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I spent the past hour to draw a map of my home, and this is the result:

enter image description here

As you can see from the plant, there are 3 hollow areas labelled as A, B and C.

  • The area A is just behind the kitchen
  • The area B is just behind the pipes of the gas counter.
  • The area C is between two bathrooms

I tried to give explanations to each of them:

A

The "room" is made out of drywall and if I knock on it is obviously empty.
There aren't any evident pipes in it, because the water for the kitchen comes from the wall on the left (the cm207.4 wall).
There's just the tube for the extractor hood on the top of it, but I hardly believe a ~1 square meter chamber is needed just for this purpose...

B

The gas counter is on the right of this room, part of it may be needed for the gas pipes, but again, it's a quite big area just for few pipes?

C

This is between two bathrooms so I thought it could be needed for the discharge of the waters, but I never seen a so large area dedicated to this, in my previous home there wasn't any relevant space reserved for this stuff.


To give some context, this is a Hungarian (Budapest) home, built on top of an existing historic building (they added 2 new floors). I live on the first of the 2 added floors.

This is a picture from Google Maps of my building: enter image description here

I would like to, at least, get rid of the area A, because it takes a lot of space. But I'm not sure if this is something feasible or not.

Do you have better explanations for the presence of these areas (especially A)?

closed as off-topic by RedGrittyBrick, isherwood, Tester101 Aug 2 '17 at 13:05

  • This question does not appear to be about home improvement within the scope defined in the help center.
If this question can be reworded to fit the rules in the help center, please edit the question.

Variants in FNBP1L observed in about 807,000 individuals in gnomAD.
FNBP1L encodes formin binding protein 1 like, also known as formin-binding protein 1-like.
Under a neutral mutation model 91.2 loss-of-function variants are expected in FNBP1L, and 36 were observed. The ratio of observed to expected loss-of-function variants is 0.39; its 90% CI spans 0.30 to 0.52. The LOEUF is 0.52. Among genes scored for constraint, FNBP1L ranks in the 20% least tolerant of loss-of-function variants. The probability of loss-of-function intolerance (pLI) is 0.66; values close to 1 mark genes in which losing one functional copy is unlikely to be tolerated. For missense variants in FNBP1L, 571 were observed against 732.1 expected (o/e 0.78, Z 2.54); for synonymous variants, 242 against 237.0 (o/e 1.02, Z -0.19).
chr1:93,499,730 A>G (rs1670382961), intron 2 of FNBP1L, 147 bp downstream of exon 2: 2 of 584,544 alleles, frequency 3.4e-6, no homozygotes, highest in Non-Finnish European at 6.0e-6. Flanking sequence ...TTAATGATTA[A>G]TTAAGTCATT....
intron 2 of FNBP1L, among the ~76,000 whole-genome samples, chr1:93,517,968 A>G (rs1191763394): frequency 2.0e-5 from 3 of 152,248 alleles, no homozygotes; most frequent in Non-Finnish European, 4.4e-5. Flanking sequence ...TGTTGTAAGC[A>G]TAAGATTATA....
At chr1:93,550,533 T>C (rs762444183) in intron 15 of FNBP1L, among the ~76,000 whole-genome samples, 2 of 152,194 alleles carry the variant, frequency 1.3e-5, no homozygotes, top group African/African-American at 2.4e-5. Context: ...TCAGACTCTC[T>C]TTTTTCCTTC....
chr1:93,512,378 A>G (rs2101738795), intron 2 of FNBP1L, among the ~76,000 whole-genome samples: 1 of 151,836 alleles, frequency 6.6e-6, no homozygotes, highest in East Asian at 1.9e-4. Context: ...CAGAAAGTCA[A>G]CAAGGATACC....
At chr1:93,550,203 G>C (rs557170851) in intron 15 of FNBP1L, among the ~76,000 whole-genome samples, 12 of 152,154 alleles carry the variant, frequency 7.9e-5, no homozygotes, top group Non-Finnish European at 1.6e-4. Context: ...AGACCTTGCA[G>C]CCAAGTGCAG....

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    See diy.stackexchange.com/help/dont-ask -- This site isn't suited to this kind of open-ended speculation, it is intended for questions about specific problems you face for which people can provide a definite correct answer. You don't say what sort of problem is caused by the existence of these spaces. An answer is likely to be to go find the plans submitted to the local building authority when the new floors were constructed. – RedGrittyBrick Aug 2 '17 at 11:27
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    They all look like standard closets to me. I have no idea why they were left closed. – isherwood Aug 2 '17 at 12:01
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    They might carry HVAC ducting? How is air distribution and returns handled in your building? – Tyson Aug 2 '17 at 12:08
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    No forced air heating or air conditioning? I'll admit I don't know much about the climate there, or methods for heating/cooling. Cooking exhaust? Does viewing the roof from say Google maps/Google earth give any clues? – Tyson Aug 2 '17 at 12:15
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    It's likely there to conceal utilities and/or structure. The only ways to know for sure, are to ask the building owner or look inside. – Tester101 Aug 2 '17 at 13:04
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Given the locations and sizes of those areas they are almost certainly pipe chases. When drawing, framing, and drywalling a residence, it is common for spec builders to simply block out the space around pipes, supports, and ducts – with little effort to optimize the use or availability of such small spaces.

Of course, this means that there is a good chance you could use those spaces. For example, when I run out of projects I will often cut an inspection panel into the drywall and, based on what I find:

  1. Turned them into closets
  2. Built-in bookshelves
  3. Added discrete hatches for hidden storage
  • Thank you! Does it mean there's no chance to completely get rid of the area A? :-( – Fez Vrasta Aug 2 '17 at 12:38
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    @FezVrasta It's possible: It could have been planned as a closet but not drawn correctly so the framers and/or drywallers just covered every side. The only way to determine whether you can open it up is to first cut an inspection hole in the wall, and then (if it's empty) verify that the framing you want to remove isn't load-bearing. – feetwet Aug 2 '17 at 13:15

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